• Frec-Tcade and Prolectien. By Henry Fawcett, M.P. London: Macmillan and Co. 187S. were the test of profit—be profitable to both ; what the one gained the other lost,—gain or loss being interpreted to mean addition to or subtraction from the store of precious metal held by each at the commencement of the trade. Hence international trade came to be regarded as a kind of war with well-recognised weapons of offence and defence,—import duties with which to keep the enemy out, export duties with which to carry the war into his country. The mercantile system is dead ; its epitaph was written by Adam Smith a hundred years ago ; but its disem- bodied spirit still revisits the commercial world from time to time, and even haunts the cabinets of statesmen. Much of the nonsense that has of late been talked and written in chambers of commerce and financial journals about "reciprocity" and "retaliatory duties," is a survival of the theory just described. But notwithstanding the constant employment by protectionists of phrases which seem to imply that international trade is still looked upon in some quarters as a form of warfare, there can be no doubt that the ostensible, and in most cases the real motive, for the imposition of protective duties now-a-days, is the desire to make a country self-supporting, and to -encourage various branches of native industry. It is, we think, important to remember that this is an end which cannot be exhaustively or finally judged from the economisCs point of view. We may, though not perhaps very easily, conceive of practical conditions under which a wise statesman might deliberately choose that his country should be comparatively poor, but wholly self-sufficing, rather than that she should be rich and prosperous, but partially dependent on other lands for her sup- plies of food. It is certain that not only the politicians, but the greatest political thinkers of antiquity, living under the most various conditions, and starting from the most dissimilar pre- mises, unanimously adopted this view. It would be out of place to attempt any discussion of the general question here and now ; we simply enter a caveat in passing. All that the economist asks of the protective system is,—How does it affect the production and distribution of wealth? Does it make the nation which adopts it richer or not ? Does it benefit the producer, or the consumer, or both, or neither? Tried by these tests, Protection breaks down utterly. To take first the case of bounties on exports, Mr. Fawcett clearly shows that, leaving out of the question the foreign consumer of the exported product, the only class who profit by them are the owners of the soil on which the raw material of the protected trade is grown. The home consumer loses doubly,—first as tax-payer, and again in the enhanced price of the commodity whose export is encouraged. The pro- ducer, in whose interest the bounty is nominally granted, is pre- vented by competition from making any larger profit on what he exports than on what he sells at home. The French bounty, for instance, on the export of sugar enables us in England to buy sugar more cheaply than the French, from whose country it comes. No doubt it injures the English sugar-refiner, but it benefits the English consumer. On the other hand, it in- jures the French consumer without benefiting the French sugar- refiner. It does no good to any one in France but the small fraction of the people who are cultivators of beetroot. Exactly the same observations apply to the supposed advantages conferred by import duties upon particular trades. A protective import- duty is never imposed except to prevent the foreign producer from underselling the home producer in the home market. Unless, therefore, the duty raises the price of the protected commodity above what it would be if free importation were allowed, it is wholly unnecessary for the purpose in view, and stands self-condemned. It is obvious that the home consumer cannot but suffer in his character of consumer from a tax the very test of whose efficacy is that it makes him pay more than he otherwise would for the article in question. Where, moreover, the subject of the import-duty is a thing like iron, which is itself an instrument of production, he suffers further in his character of producer, if he be a producer, from the increased dearness of the processes of production. Nor does the advanced price of the protected commodity confer any lasting advantage upon the very class of producers whom it was intended to benefit. For the moment, no doubt, capital invested in the favoured trade yields a larger profit, and the labour en- gaged in it earns higher wages ; but the increase in both cases is temporary, and only endures until, by the agency of competition, an influx of capital and labour, which was previously idle or otherwise employed, reduces the gains of the protected industry to their normal level. Here, again, the only persons who ulti- mately profit, and that at the expense of the community, are the owners of the raw material,—or rather, of the soil in or upon which it is found. Such are the conclusions to which the econo- mist is led by a process of strict deduction, and Mr. Fawcett shows how entirely they are verified by the results of our own experience in the matter of the Corn-laws. The Corn-laws were intended to benefit the agricultural interest. When they were abandoned, after a trial of thirty years, it was found that they had largely raised the rent of land, and that the landlords, as a class, had profited by them. To secure this result, the tenant- farmers had been all but ruined, the agricultural labourer had been reduced to pauperism, and the poorer class throughout the country was in absolute want of the first necessary of life.

This, in rough outline, is the argument against Protection, which Mr. Fawcett fills in with abundant detail and a wealth of illustration which adds immensely to the vividness of the impres- sion made upon the reader. But he is not content with restating a series of old positions. He goes on to deal with the latest development of the protectionist spirit in England,—the cry for reciprocity. No one in this country now doubts that Free-trade is a good thing, but we are constantly being told that "one-sided Free-trade is an absurdity." It cannot, of course, be denied that the adoption or retention of a restricted tariff by most other nations is not only very disappointing to the hopes of English free-traders, but causes serious and ever-increasing injury to English commerce. But the question is,—Should we be any better off if we were to retaliate on the countries which do us so much harm, by imposing import duties on such of their products as they send to us ? It is obvious, of course, to every one that the English consumer would suffer from the proposed retaliatory duties. It matters not to him where his silk comes from, but it becomes a serious thing when the price of every yard of silk is raised. But let it be assumed that the rise in price of the commodities whose import is to be restricted is very incon- siderable,—not more than the consumer will willingly put up with for the advancement of English trade,—what then ? Will the home producer really be benefited ? Mr. Fawcett takes, by way of illustration, our trade with the United States, which at present send us every year three times more than they take from us, and are therefore, in the eyes of the reciprocity-mongers, the fittest subjects for vindictive measures. Now, nine-tenths of the Ameri- can imports into the United Kingdom are articles of food and raw produce ; in fact, more than a third of the whole is raw cotton. If, therefore, we wish to inflict a real injury upon the Ameri- cans, in return for that which they have inflicted on us, we must put an import - duty on some of these things. In other words, we must either tax food or raw cotton. As to the effects of such a tax on food, the Corn-laws taught us such a lesson, that we are not likely to be asked to repeat the experiment. To tax raw cotton means to increase the price of every pound of yarn and every yard of calico which our manu- facturers export to foreign countries. Already they tell us they are being driven from foreign markets by competitors who can spin and weave more cheaply than they can ; and do they propose, by way of reinstating themselves, and regaining their lost or failing customers, to add to the already 'excessive cost of produc- tion, by taxing the raw material ? This, surely, is retaliation run mad. But, it is said, it is not only the raw material that is im- ported ; American calico is actually sold in Manchester and London ; by our absurd system of one-sidedness, we are allowing ourselves to be undersold in our own markets. That American cotton-goods are being imported into England in any considerable quantity, we wholly disbelieve ; but even if it be so, what good will a retaliatory duty do ? It will injure the American exporters, doubtless, but will it raise the rate of profit in Lancashire ? We say nothing as to the unfortunate consumer, who ex hypothesi is to be deprived of the advantages of competition, in order that things may be made to look a little more lively on the Manchester Exchange. The utmost that a prohibitory import-duty upon American calico could do, would be to give a momentary stimulus to the stagnant energies of the English cotton manufacture ; and at a time like this, any accession to the profits of any branch of industry would be eagerly and at once annihilated by the feverish inrush of capital, at present famished for want of employment, and so to speak, frozen out. The truth is, that the panic-fear of foreign competition, whether well or ill-founded, is excited and kept up not by the casual consignments of cotton or iron goods which desperate American and Belgian manufacturers send from time to time to England, but by what is going on in foreign markets where we have hitherto been without a rival. This is where the shoe really pinches, and the jargon of reciprocity only distracts attention from the real remedy. Assume that we succeed by means of an import-duty in expelling American calico • mid We in Japan, and Japanese Child-Stories. from the English market. Shall we be any better able than we I Bachelier-es-Lettren, ac. London: Griffith and Duran.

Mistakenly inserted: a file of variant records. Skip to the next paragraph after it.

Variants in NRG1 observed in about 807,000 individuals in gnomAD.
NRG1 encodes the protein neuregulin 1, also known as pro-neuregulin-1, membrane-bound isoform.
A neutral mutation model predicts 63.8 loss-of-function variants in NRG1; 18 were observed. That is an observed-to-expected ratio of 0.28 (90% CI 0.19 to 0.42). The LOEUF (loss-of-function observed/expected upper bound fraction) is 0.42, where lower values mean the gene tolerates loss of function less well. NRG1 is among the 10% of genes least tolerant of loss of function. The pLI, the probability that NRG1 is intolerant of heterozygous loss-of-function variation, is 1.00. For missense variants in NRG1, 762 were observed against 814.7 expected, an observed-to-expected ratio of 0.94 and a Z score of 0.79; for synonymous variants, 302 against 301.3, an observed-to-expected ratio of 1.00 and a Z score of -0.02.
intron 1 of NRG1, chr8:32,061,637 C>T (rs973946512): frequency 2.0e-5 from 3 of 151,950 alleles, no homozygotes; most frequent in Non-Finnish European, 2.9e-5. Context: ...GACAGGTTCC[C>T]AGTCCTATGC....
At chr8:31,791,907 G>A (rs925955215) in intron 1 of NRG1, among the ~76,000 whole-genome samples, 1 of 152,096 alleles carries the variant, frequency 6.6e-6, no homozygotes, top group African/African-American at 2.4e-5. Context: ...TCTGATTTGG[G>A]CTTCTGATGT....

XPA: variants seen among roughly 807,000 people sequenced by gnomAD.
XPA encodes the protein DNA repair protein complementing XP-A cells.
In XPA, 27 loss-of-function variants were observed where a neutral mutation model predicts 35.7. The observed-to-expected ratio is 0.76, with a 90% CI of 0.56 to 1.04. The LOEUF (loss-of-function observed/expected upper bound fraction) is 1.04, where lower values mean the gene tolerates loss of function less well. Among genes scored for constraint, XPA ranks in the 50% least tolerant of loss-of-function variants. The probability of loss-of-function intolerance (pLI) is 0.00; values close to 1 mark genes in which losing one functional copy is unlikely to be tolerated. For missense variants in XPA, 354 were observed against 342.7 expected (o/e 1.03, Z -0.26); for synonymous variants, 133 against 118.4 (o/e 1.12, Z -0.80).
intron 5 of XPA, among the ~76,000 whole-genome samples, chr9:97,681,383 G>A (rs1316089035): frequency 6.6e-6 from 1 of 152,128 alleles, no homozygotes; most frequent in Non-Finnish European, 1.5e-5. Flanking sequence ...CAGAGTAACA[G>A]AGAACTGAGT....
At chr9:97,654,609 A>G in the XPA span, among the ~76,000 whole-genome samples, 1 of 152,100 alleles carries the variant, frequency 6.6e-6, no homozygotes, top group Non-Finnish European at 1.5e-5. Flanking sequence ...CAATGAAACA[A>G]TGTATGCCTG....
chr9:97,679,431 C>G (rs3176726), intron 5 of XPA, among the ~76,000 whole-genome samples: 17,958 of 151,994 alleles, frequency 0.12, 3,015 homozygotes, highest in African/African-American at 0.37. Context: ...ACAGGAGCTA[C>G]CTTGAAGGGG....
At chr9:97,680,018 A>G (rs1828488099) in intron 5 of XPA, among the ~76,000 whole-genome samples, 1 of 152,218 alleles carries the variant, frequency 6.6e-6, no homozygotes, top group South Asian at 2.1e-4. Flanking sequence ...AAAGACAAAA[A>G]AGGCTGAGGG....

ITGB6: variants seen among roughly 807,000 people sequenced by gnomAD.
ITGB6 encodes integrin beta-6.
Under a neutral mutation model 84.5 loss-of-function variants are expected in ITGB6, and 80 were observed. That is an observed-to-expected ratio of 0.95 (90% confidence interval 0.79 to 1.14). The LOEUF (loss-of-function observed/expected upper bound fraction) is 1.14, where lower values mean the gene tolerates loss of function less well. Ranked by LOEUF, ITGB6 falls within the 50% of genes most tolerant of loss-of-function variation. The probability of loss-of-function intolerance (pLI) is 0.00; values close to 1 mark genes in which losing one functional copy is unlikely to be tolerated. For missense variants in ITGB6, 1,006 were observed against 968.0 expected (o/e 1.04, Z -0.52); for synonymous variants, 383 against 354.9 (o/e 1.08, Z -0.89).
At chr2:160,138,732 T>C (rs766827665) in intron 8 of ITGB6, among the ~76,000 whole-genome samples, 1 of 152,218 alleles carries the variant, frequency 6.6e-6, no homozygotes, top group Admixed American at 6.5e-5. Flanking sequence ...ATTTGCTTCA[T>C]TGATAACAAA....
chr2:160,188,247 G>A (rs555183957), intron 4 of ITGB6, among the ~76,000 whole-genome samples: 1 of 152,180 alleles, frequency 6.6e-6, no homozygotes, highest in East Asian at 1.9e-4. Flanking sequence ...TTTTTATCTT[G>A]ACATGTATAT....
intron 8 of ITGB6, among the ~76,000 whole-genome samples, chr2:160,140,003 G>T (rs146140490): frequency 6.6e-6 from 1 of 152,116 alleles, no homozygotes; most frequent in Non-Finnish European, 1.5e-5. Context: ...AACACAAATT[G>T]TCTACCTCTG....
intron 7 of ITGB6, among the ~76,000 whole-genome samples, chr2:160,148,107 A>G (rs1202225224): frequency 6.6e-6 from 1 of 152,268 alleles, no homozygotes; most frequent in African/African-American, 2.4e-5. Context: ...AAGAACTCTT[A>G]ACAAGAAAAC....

now are to undersell our transatlantic competitor in China, or to win back the customers whom he has enticed away from us there and elsewhere, by the superior quality of his wares and the greater honesty of his workmanship? If it be true that our foreign trade is waning, the true remedy is to be sought not in a revival of obsolete fiscal fallacies, but in the abandonment of these discredit- able methods of production and exchange which our manufacturers and merchants learnt to practise in an evil hour for themselves and for the honour and profit of British commerce.

Space will not allow us to follow Mr. Fawcett in his admirable chapters on" Commercial Depression" and "Commercial Treaties." We commend them and the whole volume to the careful attention of all who are interested in the most pressing economic problems of the time.